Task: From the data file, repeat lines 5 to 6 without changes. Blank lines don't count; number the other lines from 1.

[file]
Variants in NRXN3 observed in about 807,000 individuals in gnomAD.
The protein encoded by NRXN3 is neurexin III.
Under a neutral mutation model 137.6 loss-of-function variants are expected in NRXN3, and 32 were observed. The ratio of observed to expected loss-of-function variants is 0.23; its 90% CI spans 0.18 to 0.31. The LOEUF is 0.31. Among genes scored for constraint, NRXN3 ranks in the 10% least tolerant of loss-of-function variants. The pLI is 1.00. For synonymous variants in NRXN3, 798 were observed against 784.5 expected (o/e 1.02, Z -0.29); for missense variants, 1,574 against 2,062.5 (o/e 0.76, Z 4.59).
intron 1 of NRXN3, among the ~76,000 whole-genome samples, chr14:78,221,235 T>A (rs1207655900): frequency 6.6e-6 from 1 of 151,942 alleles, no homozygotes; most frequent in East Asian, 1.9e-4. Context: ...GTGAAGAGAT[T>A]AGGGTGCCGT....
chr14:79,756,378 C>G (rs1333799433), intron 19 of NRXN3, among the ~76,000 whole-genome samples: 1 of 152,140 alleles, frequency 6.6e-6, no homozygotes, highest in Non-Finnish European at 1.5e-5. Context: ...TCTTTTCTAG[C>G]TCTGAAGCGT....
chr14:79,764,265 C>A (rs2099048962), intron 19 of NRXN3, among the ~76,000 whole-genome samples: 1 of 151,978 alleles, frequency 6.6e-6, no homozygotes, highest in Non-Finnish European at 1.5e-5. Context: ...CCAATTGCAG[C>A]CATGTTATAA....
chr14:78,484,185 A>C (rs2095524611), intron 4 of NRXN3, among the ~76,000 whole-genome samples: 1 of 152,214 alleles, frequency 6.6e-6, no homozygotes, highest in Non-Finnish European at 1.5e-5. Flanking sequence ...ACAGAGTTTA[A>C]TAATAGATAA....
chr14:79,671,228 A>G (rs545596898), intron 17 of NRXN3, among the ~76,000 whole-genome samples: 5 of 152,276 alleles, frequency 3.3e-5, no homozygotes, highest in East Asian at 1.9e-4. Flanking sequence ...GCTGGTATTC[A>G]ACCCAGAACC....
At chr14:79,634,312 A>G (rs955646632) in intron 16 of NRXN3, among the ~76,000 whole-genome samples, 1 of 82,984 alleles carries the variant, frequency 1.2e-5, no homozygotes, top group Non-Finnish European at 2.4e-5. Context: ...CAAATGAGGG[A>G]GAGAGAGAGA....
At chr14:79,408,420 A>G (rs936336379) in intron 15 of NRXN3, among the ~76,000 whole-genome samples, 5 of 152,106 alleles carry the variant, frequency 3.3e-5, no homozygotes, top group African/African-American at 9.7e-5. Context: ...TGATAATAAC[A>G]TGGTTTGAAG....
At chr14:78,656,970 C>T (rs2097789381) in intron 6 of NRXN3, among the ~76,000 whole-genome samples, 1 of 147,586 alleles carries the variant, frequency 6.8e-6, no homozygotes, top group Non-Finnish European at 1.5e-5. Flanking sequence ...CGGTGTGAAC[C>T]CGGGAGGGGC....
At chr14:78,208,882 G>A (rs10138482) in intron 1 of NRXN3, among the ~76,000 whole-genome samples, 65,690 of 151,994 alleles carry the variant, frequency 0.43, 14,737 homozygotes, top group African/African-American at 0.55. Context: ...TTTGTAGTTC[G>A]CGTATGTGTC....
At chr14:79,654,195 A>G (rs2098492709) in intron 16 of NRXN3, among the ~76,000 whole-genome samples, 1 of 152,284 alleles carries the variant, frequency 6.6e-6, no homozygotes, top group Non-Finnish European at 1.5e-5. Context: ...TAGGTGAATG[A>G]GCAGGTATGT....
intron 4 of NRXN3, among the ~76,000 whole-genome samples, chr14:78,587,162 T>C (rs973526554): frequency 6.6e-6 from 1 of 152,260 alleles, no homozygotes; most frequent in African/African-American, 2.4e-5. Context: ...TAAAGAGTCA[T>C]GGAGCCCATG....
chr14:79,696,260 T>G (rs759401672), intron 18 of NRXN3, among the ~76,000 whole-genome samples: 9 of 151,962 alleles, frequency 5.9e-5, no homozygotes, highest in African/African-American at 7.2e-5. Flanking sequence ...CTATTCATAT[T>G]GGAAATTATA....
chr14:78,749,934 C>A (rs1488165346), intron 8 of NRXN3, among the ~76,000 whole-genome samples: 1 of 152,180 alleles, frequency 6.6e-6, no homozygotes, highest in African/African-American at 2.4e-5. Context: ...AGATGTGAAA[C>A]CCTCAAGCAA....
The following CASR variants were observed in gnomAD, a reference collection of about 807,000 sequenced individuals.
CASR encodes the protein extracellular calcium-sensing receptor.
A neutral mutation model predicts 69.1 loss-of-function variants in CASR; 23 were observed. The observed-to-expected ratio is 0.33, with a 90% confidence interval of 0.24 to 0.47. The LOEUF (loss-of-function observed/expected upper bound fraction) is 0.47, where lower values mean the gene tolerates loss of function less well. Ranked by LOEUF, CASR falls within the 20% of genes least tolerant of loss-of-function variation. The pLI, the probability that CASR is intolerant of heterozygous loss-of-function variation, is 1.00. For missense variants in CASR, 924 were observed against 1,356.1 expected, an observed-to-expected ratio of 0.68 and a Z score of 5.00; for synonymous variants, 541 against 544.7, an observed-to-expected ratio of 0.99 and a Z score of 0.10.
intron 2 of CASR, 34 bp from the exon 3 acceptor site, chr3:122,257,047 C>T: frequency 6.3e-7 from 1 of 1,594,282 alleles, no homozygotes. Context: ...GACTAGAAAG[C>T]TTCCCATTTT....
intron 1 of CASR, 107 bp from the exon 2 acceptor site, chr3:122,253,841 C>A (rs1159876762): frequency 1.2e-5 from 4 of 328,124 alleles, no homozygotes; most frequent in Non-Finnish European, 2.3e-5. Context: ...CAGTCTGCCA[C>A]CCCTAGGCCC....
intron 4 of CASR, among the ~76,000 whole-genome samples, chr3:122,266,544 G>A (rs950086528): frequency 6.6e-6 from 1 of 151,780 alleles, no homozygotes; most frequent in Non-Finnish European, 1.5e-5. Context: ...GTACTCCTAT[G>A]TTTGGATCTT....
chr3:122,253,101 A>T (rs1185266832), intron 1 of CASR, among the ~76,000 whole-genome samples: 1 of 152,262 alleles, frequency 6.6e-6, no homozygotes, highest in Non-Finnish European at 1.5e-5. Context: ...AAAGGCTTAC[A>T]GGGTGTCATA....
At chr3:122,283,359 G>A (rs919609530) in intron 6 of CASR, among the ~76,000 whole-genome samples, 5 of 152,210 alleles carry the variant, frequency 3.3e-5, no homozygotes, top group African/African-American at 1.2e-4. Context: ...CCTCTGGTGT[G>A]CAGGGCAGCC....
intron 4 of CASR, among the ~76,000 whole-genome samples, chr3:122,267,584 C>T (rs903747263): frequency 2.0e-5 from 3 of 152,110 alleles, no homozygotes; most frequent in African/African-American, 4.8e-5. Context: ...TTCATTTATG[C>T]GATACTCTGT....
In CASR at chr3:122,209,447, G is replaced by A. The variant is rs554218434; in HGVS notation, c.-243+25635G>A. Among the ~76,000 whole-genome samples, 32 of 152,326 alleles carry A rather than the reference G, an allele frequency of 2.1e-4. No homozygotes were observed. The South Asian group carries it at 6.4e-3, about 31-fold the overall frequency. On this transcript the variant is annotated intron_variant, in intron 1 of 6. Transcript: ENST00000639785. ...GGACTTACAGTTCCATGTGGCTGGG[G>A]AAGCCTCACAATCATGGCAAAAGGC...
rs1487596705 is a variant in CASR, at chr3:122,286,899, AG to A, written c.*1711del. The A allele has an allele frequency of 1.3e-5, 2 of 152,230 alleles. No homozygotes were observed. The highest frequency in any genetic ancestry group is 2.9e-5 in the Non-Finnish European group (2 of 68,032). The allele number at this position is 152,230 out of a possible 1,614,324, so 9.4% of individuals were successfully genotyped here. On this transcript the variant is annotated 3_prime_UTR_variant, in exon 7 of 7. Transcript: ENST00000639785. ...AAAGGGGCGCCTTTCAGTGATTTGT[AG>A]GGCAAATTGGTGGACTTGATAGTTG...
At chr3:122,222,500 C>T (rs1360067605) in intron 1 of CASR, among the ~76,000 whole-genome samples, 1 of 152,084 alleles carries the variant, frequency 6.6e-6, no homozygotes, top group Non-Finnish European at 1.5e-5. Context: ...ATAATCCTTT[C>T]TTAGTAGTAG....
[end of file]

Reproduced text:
chr14:79,756,378 C>G (rs1333799433), intron 19 of NRXN3, among the ~76,000 whole-genome samples: 1 of 152,140 alleles, frequency 6.6e-6, no homozygotes, highest in Non-Finnish European at 1.5e-5. Context: ...TCTTTTCTAG[C>G]TCTGAAGCGT....
chr14:79,764,265 C>A (rs2099048962), intron 19 of NRXN3, among the ~76,000 whole-genome samples: 1 of 151,978 alleles, frequency 6.6e-6, no homozygotes, highest in Non-Finnish European at 1.5e-5. Context: ...CCAATTGCAG[C>A]CATGTTATAA....